Harford County’s crime rate hit a historic low for a second straight year according to law enforcement data, as reported incidents of the most serious types of crime fell slightly in 2010 after major decreases a year earlier.
Reported robberies, aggravated assaults, larcenies and motor vehicle thefts all decreased in 2010, according to statistics collected by the Governor’s Office of Crime Control and Prevention and provided by the Harford County Sheriff’s Office. The number of murders, rapes, and instances of breaking and entering increased.
The numbers are based on the Maryland Uniform Crime Reports program, which separate incidents into two groups. The most serious crimes, known as Part I or “index” crimes, are further divided into “violent crimes” of murder, rape, robbery, and aggravated assault, and “property crimes” of breaking and entering, larceny theft, and motor vehicle theft. Together with instances of less serious Part II crimes, the reports determine the county’s overall crime rate.
That overall rate fell 2.3 percent to 2,173.8 per 100,000 people from 2,223.9. The 2010 rate broke the previous year’s mark as the lowest ever reported since Maryland’s UCR program began in 1975.
The violent crime rate dropped for a third straight year, falling 4.4 percent last year to 346.3 per 100,000 people from 362.3. The property crime rate decreased for a second straight year, falling 1.8 percent to 1,827.5 per 100,000 people from 1,861.6—also breaking the 2009 mark as the lowest level reported since reporting began.
Countywide, the number of murders and rapes climbed slightly from the year before, with 6 murders reported compared to 4, and 63 rapes, up from 60 in 2009. Breaking and entering reports also increased, up 9.9 percent to 889 from 809.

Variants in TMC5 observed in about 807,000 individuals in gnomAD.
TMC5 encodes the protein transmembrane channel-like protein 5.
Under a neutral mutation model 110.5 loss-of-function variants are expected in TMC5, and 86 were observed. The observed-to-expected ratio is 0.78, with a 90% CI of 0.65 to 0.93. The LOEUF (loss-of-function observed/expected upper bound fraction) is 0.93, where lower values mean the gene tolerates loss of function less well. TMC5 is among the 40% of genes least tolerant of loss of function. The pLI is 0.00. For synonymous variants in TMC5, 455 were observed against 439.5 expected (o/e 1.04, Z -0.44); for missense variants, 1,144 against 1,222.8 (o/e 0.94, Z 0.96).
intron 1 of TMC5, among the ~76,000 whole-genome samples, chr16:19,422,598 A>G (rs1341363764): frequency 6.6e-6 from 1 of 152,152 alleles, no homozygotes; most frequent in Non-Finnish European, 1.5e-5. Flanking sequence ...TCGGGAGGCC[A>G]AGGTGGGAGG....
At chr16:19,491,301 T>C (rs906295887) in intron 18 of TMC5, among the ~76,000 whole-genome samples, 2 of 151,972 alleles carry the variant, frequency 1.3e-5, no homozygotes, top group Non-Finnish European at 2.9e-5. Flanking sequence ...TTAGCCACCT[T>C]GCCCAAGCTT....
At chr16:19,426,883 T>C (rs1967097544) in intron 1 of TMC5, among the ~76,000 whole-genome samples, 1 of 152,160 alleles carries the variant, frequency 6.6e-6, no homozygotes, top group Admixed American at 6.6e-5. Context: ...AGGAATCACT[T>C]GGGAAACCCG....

All other index crimes fell in 2010, including motor vehicle thefts, which declined for a third straight year. After 467 reports of auto theft in 2007, only 236 such crimes were reported in 2010, a 49 percent decrease. The progress recently resulted in the Harford County Sheriff’s Office’s Auto Theft Unit, comprised of Det. Shawn Craig and Det. Norman Turner, winning the International Association of Chiefs of Police (IACP) Vehicle Theft Award of Merit.
Crimes across the state fell 5.1 percent last year, with 11,004 fewer crimes reported in 2010 than the year before, also a new low mark. Among all index crimes, only rapes increased from 2009, up 6.2 percent to 1,228 from 1,156.
Tables breaking down the types of crime across the 35 years recorded by the state UCR program are provided below. The charts detail, respectively, the total number of index crimes, crime rates per 100,000 broken down by violent and property time categories, and crime rates broken down by type of index crime. Below the charts, a detailed breakdown of statewide figures from the Governor’s Office on Crime Control and Prevention follows.